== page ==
As submitted by the proposer: This research aims to evaluate and validate the scientific reliability of elemental profiling methods for the forensic examination of tapes using SEM-EDS, uXRF, LIBS and LAICP-MS. Tape examiners rely on physical and chemical characterization to support the evidential value of tape evidence comparisons. Previous studies have shown the utility of elemental analysis for the chemical characterization of tapes including the use of SEMEDS or u-XRF. These techniques, however, have some limitations regarding their selectivity and sensitivity and very few studies report their analytical performance in tape examinations. The proposed effort evaluates conventional SEM-EDS and u-XRF methods and incorporates the use of LIBS and LA-ICP-MS to offer improved discrimination among different tape sources, leading to interpretations that will improve the value of tape evidence associations. The advantages of laser ablation methods (LAICP-MS and LIBS) make these tools attractive for forensic analysis due to their speed of analysis, high discrimination capabilities and their remarkable sensitivity, precision and selectivity. More than 30 forensic laboratories around the world, most of these in the US, are currently using laser ablation methods and many more are expected to adopt these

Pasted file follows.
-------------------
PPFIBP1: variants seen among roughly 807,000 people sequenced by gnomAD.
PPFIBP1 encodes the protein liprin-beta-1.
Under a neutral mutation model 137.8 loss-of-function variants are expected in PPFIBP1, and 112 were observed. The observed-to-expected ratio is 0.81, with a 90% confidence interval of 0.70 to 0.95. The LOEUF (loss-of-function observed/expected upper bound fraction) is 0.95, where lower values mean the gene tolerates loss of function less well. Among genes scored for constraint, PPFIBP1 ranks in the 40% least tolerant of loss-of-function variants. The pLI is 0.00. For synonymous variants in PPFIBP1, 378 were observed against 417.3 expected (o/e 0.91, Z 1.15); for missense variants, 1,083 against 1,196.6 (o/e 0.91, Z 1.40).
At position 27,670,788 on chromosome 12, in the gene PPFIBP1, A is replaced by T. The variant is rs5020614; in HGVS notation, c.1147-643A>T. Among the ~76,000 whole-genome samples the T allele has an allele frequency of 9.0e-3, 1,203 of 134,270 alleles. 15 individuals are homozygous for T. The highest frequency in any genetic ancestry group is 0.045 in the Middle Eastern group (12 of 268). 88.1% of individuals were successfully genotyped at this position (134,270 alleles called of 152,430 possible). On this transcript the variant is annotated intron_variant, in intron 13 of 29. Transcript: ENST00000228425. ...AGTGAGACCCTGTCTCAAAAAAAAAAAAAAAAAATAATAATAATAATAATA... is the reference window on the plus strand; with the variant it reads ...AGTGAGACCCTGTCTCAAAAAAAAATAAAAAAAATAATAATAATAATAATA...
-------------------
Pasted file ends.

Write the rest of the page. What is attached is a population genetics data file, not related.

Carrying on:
technologies since cost-effective instruments are now commercially available and the number of meaningful applications are being adopted. Tapes used in various crimes are one type of evidence that could benefit from the use of these methods but the application of LIBS and LA-ICP-MS to tape evidence analysis has remained unexplored to date. The proposed 2-year research aims to provide a comprehensive study to validate elemental analysis methods for tape examinations by evaluating the validity of the methods in terms of their analytical performance, discrimination potential, informing power, uncertainty and error rates. A collection set of over 250 tapes (duct and electrical) will be used to study inter-roll and intra-roll variations and its relation to tape manufacturing and distribution in order to make informed decisions about sampling, chemical analysis and interpretation of the data collected. Experienced trace examiners and statisticians will collaborate with our research group to incorporate statistical tools that are suitable to the particular sensitivity and precision level of the proposed methods as well as for crossvalidation studies. This project will make an important contribution by strengthening the scientific foundation for interpretation of elemental analysis by conventional methods and by further developing highly discriminating LIBS and LA-ICP-MS methods for tape examinations. The dissemination strategies will include peer reviewed publications, presentations and online discussion forums.
This project contains a research and/or development component, as defined in applicable law.